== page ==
Pocket Gamer’s Mobile Mavens panel is a group of industry experts who discuss the hot topics of the mobile games industry on a weekly basis. On the heels of a recent South Park episode that mocked freemium games, the Mavens dug deep with the following question about monetization:
“How do you view this seeming chasm between free-to-play vs. paid games? How is your soul currently doing?”
Adrian’s soul is doing just fine, as he explains in the article:
I produced and creative directed triple-A console games for 13 years before launching my freemium design consultancy, Adrian Crook & Associates, in January 2008.
For a couple of years before that, in 2006 and 2007, I’d been studying the emergence of free-to-play, blogging under freetoplay.biz and attending the first conferences such as Charles Hudson’s Virtual Goods Summit. In 2008, I gave what was probably the first GDC presentation on free-to-play to about 400 people in San Francisco.
Freemium was immediately attractive to me as a developer. I’d always been more connected to web business practices than my industry peers and the closed, package product nature of the console games I’d developed until then didn’t jibe with that.
It sucked launching an Xbox or PlayStation game after two years of development and just watching it sail out into the world, without any ability to rapidly iterate on it like you could with web or service-based games. So much of your product’s success in core games fell to how well your marketing department could pre-commit the retail channel and hype up the press – often misrepresenting the game, purposely or accidentally, along the way.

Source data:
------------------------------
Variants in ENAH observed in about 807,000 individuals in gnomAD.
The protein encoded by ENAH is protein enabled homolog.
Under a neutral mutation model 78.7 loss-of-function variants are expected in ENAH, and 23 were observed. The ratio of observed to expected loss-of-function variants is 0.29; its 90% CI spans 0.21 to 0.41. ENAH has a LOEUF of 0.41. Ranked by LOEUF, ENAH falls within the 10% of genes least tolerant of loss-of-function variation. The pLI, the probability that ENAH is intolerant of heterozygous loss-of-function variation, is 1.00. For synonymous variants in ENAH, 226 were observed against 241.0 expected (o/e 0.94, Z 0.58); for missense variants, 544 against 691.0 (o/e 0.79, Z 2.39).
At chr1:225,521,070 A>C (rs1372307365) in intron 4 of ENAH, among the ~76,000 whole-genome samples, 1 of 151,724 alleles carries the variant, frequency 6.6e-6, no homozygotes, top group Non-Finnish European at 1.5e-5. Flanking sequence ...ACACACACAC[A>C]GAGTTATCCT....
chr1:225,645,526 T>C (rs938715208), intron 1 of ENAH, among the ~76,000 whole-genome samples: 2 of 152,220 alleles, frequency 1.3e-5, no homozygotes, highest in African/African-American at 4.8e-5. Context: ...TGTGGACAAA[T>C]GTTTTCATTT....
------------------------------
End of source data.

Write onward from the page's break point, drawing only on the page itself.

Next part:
The lack of a direct connection with players and the underlying metrics or revenue numbers of the game made it hard to judge the efficacy of your designs.
Freemium returned the power to game creators. With freemium, we threw open the doors to our product and invited people to enjoy it, stay and pay purely based on the product’s merits. Gone was the console industry’s “rental buster” development tactic – packing just enough gameplay in to preclude gamers from finishing the game in a weekend rental from Blockbuster.
There were no more fancy CG trailers or pack-ins to buff up a lacklustre product or add value where there wasn’t enough. Now it was plainly evident what worked and what didn’t, in real-time, and it was all in the game designer’s hands to change.
The vitriol directed at freemium makes little sense to me. One can just as easily “lose their soul” slaving away for years on derivative console games. I know because I nearly did.
There is no completely altruistic business model, game genre or platform. But because freemium designers must simultaneously care for the game’s player experience as well as the game’s business health, it’s often easy to screw up one or the other. As an industry, we’re still the early days of minting designers who can do both these things well and mistakes will be made along the way.
It’s easy to just give up and run back to core games, but freemium isn’t going anywhere. We’ve consulted in freemium design for seven years now and seen the rise of sophisticated monetization methods, which are now giving way to a return to gameplay emphasis. As proof, we’ve had a few calls from big clients lately who’ve said, “We know how to do monetization – we need your help making our games fun.”
This is why the #1 KPI we focus on improving for our clients is retention.
A fun game that retains can monetize. The inverse is not always true. Our souls will be just fine as long as we remain committed to doing fun, profitable and ethical freemium games for our clients.